Saturday, July 24, 2021

Snapshots & some finds during a thrift store Saturday in Arizona

"Sing the Polka Mass" with Peter & Paul and the Wendinger Band (1979). There is a YouTube video devoted to this, in which the reviewer listens to unusual records, folds laundry and cracks wise. I did not purchase this album.
An amazing birdcage that Ashar and I came across.
Some of the books that I bought for $1 apiece.

Meanwhile, while browsing (and wearing my mask) I overheard this nearby exchange between two women, which angered/frustrated/saddened me:

#1: "So, I know someone from work who was vaccinated, and they got COVID."
#2: "Of course they did."
#1: "That wasn't supposed to happen."
#2: "That’s because the vaccination doesn’t do a damn thing." <--misinformation!

Vaccinations work. Get vaccinated!

Friday, July 23, 2021

Book cover: "Strangely Enough!"

  • Title: Strangely Enough!
  • Author: C.B. Colby (1904-1977). His full name is Carroll Burleigh Colby.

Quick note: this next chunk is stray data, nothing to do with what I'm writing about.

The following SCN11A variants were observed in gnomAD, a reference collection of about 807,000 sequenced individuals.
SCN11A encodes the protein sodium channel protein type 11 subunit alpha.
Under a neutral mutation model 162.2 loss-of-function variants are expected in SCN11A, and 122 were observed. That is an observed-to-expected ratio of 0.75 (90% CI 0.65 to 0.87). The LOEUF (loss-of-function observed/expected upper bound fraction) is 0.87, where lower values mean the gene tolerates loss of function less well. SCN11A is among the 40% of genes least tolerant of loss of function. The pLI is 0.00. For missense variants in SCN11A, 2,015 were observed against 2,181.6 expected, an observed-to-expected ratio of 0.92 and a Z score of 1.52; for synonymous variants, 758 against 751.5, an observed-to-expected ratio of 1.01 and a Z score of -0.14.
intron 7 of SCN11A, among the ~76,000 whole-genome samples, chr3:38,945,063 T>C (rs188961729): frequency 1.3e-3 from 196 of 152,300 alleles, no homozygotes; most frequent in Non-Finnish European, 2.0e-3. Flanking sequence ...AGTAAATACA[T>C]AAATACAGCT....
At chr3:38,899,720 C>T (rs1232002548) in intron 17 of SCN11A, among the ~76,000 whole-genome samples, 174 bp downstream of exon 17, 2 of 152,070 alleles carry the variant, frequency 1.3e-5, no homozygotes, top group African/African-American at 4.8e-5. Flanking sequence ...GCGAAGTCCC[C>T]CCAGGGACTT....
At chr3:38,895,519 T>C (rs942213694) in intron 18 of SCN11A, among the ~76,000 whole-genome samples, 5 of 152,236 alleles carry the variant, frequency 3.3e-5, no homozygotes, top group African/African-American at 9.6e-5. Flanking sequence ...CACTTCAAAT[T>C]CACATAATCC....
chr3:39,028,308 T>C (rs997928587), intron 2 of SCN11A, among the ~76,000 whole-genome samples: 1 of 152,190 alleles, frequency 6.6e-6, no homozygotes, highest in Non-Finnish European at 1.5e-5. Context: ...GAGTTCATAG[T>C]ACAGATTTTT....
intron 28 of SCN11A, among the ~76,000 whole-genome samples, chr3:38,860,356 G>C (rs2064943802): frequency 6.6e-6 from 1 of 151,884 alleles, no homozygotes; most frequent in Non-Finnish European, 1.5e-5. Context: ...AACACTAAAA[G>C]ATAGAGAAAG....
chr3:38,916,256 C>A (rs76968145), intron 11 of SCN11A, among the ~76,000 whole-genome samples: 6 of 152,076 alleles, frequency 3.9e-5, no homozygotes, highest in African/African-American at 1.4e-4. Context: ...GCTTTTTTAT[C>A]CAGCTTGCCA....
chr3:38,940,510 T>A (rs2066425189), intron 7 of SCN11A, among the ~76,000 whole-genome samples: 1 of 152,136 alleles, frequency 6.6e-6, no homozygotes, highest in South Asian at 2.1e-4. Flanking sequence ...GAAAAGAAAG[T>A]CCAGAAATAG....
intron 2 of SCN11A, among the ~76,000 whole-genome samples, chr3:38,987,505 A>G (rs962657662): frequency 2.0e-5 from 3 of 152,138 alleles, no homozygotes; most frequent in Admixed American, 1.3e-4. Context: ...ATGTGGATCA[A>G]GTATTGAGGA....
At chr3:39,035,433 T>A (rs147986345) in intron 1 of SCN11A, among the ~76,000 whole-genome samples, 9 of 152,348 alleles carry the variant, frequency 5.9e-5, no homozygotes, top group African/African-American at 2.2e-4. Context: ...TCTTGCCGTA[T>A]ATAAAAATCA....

• Cover illustrator: Harvey Parks
  • Interior illustrator: David Lockhart (See some of his illustrations in this 2010 post on The Haunted Closet)
  • Publisher: Scholastic Book Services (T 438)
  • Year: 1971 (12th printing)
  • About this edition: This is an abridged edition of Colby's book, which was first published in 1959.
  • Pages: 184
  • Format: Paperback
  • Dimensions: 4¼ inches by 6¼ inches (not quite as tall as a standard mass market paperback)
  • Price: 60 cents
  • Provenance: Purchased at the Salvation Army store in Casa Grande, Arizona, this year along with Moment in the Sun and a couple of other books.
  • Back cover blurb: "80 hair-raising tales to fascinate and intrigue anyone who's ever had a nightmare. Stories of apparitions and spirits ... incredible happenings and impossible escapes — plus a flying saucerful of science oddities. Scores of rapid-fire spine chillers — some of them you'll never forget, even if you want to."
  • First sentence: It would be impossible for me to name and thank individually all those who have contributed in one way or another to the list of stories on the following pages.
  • Last sentence: Can you?
  • Random excerpt from the middle #1: Did you ever wonder what becomes of old radio and TV programs that are sent out into space 24 hours a day? Do they just fade out and vanish, or do they keep travelling through space forever, perhaps to be picked up by creatures on other planets? [This is the urban legend of the KLEE TV signal.]